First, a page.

Aleksi Airinen is a young Finnish footbagger and one of the favorites to win the World Championship this year. Not only did he send us the above video – he was also kind enough to answer a few questions.
Hi Aleksi! How are you?
I’m great, thanks! Summer is coming and things are going pretty well. I just finished my school semester and started a new job. It’s pretty interesting and the evenings I have free for footbag. My girlfriend is also coming to stay with me from Germany so I can’t really complain
You just came back from the Sport/Life eurotour? How was that experience? What were the highlights?
It was definitely a highlight of my footbag career. Going to different places with an awesome crew of people and just playing lots of footbag and having fun, what more could you ask for? I’d say the highlight of the tour was Switzerland, where we stayed for a week. We went so many different cities there and saw so many places. Flavio, his brother Silvan and their parents treated us so nicely that I will never forget it. We played by the Alps and partied until morning a few times. I wrote a short report on the tour that I think Daniel will post online, you can read it for more details.
Can you share a funny story from the trip?
Haha, I think there are too many to mention! One that comes to mind though, was when we were at a party in Luzern, Switzerland and crashed to Silvan’s place early in the morning. We were all really tired, but also quite hungry. Most had gone to bed already but me, Juho and Evan were still awake. Juho then left the room to check out the kitchen hoping to find a night snack. He came back with an egg he thought was boiled, saying something like “guys, I found something to eat.” He then crushed the egg against his elbow, spilling it all over! I can’t remember the last time I laughed so hard. I remember thinking I had to stop laughing because my abs were hurting so much.
I recently interviewed Caroline about her hostel in Gdansk. And since you have been there; I would like to hear how did like it?
Oh I absolutely loved it! I think I spent ten days there on the tour and the others over two weeks. The hostel is just the perfect place for footbaggers to hang out and spend time together. It’s in a very good location in Gdansk, at the riverside and the edge of old town. We spent on a lot of time in the common room of the hostel just hanging out and watching movies. We even shredded there when the weather was bad outside. The hostel is big enough to accommodate a bunch of players, but small enough for everyone to feel like being in the same group all the time. Caroline treated us with delicious breakfast every morning and was just the perfect host. Well, you all know her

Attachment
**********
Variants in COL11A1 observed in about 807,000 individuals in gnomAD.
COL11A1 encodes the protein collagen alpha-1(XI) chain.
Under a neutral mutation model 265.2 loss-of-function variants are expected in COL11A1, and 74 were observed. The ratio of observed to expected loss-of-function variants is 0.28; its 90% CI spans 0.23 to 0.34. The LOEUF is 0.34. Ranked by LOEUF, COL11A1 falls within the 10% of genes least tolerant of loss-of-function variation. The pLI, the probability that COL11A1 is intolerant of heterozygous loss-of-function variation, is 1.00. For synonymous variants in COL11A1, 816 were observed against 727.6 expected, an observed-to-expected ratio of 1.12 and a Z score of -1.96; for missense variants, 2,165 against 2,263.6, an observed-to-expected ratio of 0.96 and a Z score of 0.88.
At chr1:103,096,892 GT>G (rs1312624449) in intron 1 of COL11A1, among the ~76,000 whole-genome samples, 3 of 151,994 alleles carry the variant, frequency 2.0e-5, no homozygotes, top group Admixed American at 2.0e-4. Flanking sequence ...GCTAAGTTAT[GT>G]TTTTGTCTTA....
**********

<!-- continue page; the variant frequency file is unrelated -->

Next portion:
Last year you lived in Berlin. How was that?
I spent two semesters at the Technical University of Berlin from September 2012 to August 2013. Although I was studying it didn’t feel like that. I was living in Yves Kreil’s big apartment for the first six months when he was away and had many footbaggers and other friends stay there. There was always something going on. I spent a lot of time with Jakob Wagner, shredding and otherwise. I also met my girlfriend there. I’d say it was the best year of my life and will definitely never forget it.
Is it true that Jakob Wagner likes to have late night marathon sessions?
Haha yes. Jakob is quite busy and would often have time to play only in the evening. Jakob is the kind of player who just doesn’t stop. He loves to keep shredding when techno music is bumping and there’s no hurry to go anywhere. Often when others had stopped the session and went to take a shower Jakob would still try to hit ‘one last trick’. For him, shredding hard into the night is sort of a reward for the day’s hard work. And he’s definitely earned it.
How would you compare the scene in Berlin to the scene in Helsinki?